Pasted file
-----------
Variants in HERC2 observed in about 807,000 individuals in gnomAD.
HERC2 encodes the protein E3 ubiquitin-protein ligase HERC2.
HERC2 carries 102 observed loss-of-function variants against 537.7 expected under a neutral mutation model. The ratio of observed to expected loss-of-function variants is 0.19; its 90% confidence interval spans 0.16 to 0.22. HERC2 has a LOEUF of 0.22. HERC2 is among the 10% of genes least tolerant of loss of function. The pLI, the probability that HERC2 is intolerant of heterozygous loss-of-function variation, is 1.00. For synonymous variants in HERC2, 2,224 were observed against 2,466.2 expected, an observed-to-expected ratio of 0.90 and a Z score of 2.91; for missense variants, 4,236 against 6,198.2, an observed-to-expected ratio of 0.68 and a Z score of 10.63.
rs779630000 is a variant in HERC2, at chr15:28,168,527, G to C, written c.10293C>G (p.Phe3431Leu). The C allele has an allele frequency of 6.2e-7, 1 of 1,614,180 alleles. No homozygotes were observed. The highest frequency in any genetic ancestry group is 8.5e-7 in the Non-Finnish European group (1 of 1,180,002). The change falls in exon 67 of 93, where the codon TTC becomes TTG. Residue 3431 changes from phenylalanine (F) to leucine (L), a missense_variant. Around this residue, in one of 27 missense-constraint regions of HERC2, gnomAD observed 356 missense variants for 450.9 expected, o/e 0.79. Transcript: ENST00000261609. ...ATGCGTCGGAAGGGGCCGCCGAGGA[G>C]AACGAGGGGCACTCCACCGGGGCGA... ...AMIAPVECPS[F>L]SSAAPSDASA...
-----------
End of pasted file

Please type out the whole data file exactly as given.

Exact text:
Variants in HERC2 observed in about 807,000 individuals in gnomAD.
HERC2 encodes the protein E3 ubiquitin-protein ligase HERC2.
HERC2 carries 102 observed loss-of-function variants against 537.7 expected under a neutral mutation model. The ratio of observed to expected loss-of-function variants is 0.19; its 90% confidence interval spans 0.16 to 0.22. HERC2 has a LOEUF of 0.22. HERC2 is among the 10% of genes least tolerant of loss of function. The pLI, the probability that HERC2 is intolerant of heterozygous loss-of-function variation, is 1.00. For synonymous variants in HERC2, 2,224 were observed against 2,466.2 expected, an observed-to-expected ratio of 0.90 and a Z score of 2.91; for missense variants, 4,236 against 6,198.2, an observed-to-expected ratio of 0.68 and a Z score of 10.63.
rs779630000 is a variant in HERC2, at chr15:28,168,527, G to C, written c.10293C>G (p.Phe3431Leu). The C allele has an allele frequency of 6.2e-7, 1 of 1,614,180 alleles. No homozygotes were observed. The highest frequency in any genetic ancestry group is 8.5e-7 in the Non-Finnish European group (1 of 1,180,002). The change falls in exon 67 of 93, where the codon TTC becomes TTG. Residue 3431 changes from phenylalanine (F) to leucine (L), a missense_variant. Around this residue, in one of 27 missense-constraint regions of HERC2, gnomAD observed 356 missense variants for 450.9 expected, o/e 0.79. Transcript: ENST00000261609. ...ATGCGTCGGAAGGGGCCGCCGAGGA[G>C]AACGAGGGGCACTCCACCGGGGCGA... ...AMIAPVECPS[F>L]SSAAPSDASA...